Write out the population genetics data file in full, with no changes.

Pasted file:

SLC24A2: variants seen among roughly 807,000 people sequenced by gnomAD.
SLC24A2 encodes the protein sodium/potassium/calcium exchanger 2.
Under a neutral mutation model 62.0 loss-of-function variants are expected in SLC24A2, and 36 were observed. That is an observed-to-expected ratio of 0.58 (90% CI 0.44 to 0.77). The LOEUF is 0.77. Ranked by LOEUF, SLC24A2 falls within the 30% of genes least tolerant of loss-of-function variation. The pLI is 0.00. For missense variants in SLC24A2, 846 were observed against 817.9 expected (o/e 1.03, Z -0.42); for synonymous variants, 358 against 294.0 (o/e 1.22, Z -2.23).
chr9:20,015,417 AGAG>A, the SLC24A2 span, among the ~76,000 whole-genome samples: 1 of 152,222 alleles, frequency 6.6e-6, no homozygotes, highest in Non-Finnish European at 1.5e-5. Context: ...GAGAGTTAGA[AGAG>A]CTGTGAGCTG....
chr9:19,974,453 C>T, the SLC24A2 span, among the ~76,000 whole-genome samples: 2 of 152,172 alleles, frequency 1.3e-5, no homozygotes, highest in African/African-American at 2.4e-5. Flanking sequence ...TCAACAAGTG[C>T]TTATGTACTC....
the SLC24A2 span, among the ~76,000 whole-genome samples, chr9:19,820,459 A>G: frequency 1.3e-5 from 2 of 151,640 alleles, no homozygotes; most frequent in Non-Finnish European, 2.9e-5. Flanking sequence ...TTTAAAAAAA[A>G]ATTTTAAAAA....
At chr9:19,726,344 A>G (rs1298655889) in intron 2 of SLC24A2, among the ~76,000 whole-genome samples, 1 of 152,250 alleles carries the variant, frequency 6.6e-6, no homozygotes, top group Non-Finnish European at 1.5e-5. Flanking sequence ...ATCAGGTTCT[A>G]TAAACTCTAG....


SLC24A2: variants seen among roughly 807,000 people sequenced by gnomAD.
SLC24A2 encodes the protein sodium/potassium/calcium exchanger 2.
Under a neutral mutation model 62.0 loss-of-function variants are expected in SLC24A2, and 36 were observed. That is an observed-to-expected ratio of 0.58 (90% CI 0.44 to 0.77). The LOEUF is 0.77. Ranked by LOEUF, SLC24A2 falls within the 30% of genes least tolerant of loss-of-function variation. The pLI is 0.00. For missense variants in SLC24A2, 846 were observed against 817.9 expected (o/e 1.03, Z -0.42); for synonymous variants, 358 against 294.0 (o/e 1.22, Z -2.23).
chr9:20,015,417 AGAG>A, the SLC24A2 span, among the ~76,000 whole-genome samples: 1 of 152,222 alleles, frequency 6.6e-6, no homozygotes, highest in Non-Finnish European at 1.5e-5. Context: ...GAGAGTTAGA[AGAG>A]CTGTGAGCTG....
chr9:19,974,453 C>T, the SLC24A2 span, among the ~76,000 whole-genome samples: 2 of 152,172 alleles, frequency 1.3e-5, no homozygotes, highest in African/African-American at 2.4e-5. Flanking sequence ...TCAACAAGTG[C>T]TTATGTACTC....
the SLC24A2 span, among the ~76,000 whole-genome samples, chr9:19,820,459 A>G: frequency 1.3e-5 from 2 of 151,640 alleles, no homozygotes; most frequent in Non-Finnish European, 2.9e-5. Flanking sequence ...TTTAAAAAAA[A>G]ATTTTAAAAA....
At chr9:19,726,344 A>G (rs1298655889) in intron 2 of SLC24A2, among the ~76,000 whole-genome samples, 1 of 152,250 alleles carries the variant, frequency 6.6e-6, no homozygotes, top group Non-Finnish European at 1.5e-5. Flanking sequence ...ATCAGGTTCT[A>G]TAAACTCTAG....